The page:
We’ve all been warned of the dangers of not cleaning our makeup brushes enough. But how often should you clean your hair tools? Your straightener, curling iron, brush and even your blow dryer are also magnets for product buildup and, even grosser, bacteria. To prevent limp locks and—ew—scalp infections, follow these stylist-recommended cleaning tricks.
Your brush should be cleaned weekly.
Cleaning trick: shampoo.
While your stylist cleans his/her brush after every use with barbicide (and if they don’t, you need a new hairdresser, stat!), you should shampoo yours at home about once a week. “It’s important to take out the hair, and you can also use a mild antibacterial soap, which can even be used on brushes made with natural boar bristles,” says got2b celebrity hairstylist Larry Sims.
And if you don’t? Well, Sims provides a gruesome picture. “Cumulative bacteria will form on any utensils that aren’t cleaned over a certain amount of time, and this is the same for your hair brush,” he says. “Floating bacteria will settle, so it’s important to clean your tools on a regular basis.”
Your hot tools should be cleaned monthly.
Cleaning trick: cleansing pads.
All hot tools, like curling irons and straighteners, should be cleaned once a month, says Sims. If your heated tools never encounter any product, you can just scrub with water in case any debris has settled from the air. However, when used with hair products, it’s imperative that hot hair tools be cleaned more often.
“Hairspray especially is sticky and comprised of alcohol, so it can add extra stress when being dragged over the hair,” says Kristabelle Laugalys, a hairstylist at José Eber Salon. This makes it not only harder to style, but your hair won’t feel as clean (not surprisingly!). Plus, a dirty tool placed on clean hair can transfer bacteria if it isn’t cleaned regularly. Yikes!
Aim to clean your straightener or curling iron every two weeks. “There are cleaners for your hot tools, similar to a brillo pad, that you can find at your local beauty supply store,” says Sim. Jilbere Clean Tool Kwik-Clean Pads ($4.99) are our favorites; just scrub back and forth for a few seconds, rinse with a wet cloth and then let your tool sit to dry. If you don’t want an extra purchase, Laugalys recommends using a rag damped with rubbing alcohol.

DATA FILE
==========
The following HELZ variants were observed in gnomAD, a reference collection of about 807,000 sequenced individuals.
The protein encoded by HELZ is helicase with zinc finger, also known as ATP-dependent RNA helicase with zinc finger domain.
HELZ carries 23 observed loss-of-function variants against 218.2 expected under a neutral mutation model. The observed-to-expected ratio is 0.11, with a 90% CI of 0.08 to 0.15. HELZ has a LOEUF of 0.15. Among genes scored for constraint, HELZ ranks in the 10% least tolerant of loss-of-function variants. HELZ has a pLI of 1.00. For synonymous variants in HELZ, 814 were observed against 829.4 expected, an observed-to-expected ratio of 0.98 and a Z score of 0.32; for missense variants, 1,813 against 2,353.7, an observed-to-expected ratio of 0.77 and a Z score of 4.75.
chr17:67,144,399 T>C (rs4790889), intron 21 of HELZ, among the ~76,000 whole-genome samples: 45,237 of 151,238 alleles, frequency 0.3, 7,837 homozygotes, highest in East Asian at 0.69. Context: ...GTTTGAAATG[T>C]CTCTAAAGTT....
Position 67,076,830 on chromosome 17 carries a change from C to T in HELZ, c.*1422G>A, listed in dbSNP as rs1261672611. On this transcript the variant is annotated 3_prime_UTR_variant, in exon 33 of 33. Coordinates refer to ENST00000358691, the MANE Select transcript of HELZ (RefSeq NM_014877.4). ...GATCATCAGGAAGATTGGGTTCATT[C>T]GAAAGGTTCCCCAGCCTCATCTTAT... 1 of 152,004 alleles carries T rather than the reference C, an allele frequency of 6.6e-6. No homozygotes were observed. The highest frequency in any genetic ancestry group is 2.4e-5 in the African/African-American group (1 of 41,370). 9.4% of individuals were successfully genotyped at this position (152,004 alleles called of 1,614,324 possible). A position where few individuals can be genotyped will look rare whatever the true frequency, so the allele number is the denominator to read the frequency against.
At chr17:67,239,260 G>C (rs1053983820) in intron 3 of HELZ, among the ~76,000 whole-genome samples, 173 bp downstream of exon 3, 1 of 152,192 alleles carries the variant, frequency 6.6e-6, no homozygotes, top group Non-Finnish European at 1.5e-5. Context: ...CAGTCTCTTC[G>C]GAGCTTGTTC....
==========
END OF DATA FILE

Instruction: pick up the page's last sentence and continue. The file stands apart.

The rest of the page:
Your blow dryer should be cleaned every three weeks.
Cleaning trick: toothpicks.
Because your hair doesn’t actually touch the blow dryer, you may think it’s exempt from a cleaning. However, a dirty filter will cause major performance problems. “After weeks of blaring air, tiny lint particles will gather and attach to the dryer’s filter; blocking airflow and making it seem as if drying takes forever,” says Melissa Peverini, a hairstylist and Cricket’s brand ambassador. Below she offers a simple how-to that’ll extend the life of your dryer dramatically.
Step 1: While the dryer is unplugged, remove the cap over the air intake and rinse it with soap and hot water.
Step 2: “Use a toothpick to pull out the dust bunnies.” Refrain from using your fingers as some versions may be sharp.
Step 3: Screw the cap back on and you’re done!
Do this every three weeks, and not only will you have even more gorgeous hair, you’ll extend the life of your blow-dryer, too. Now that’s a beauty win-win.
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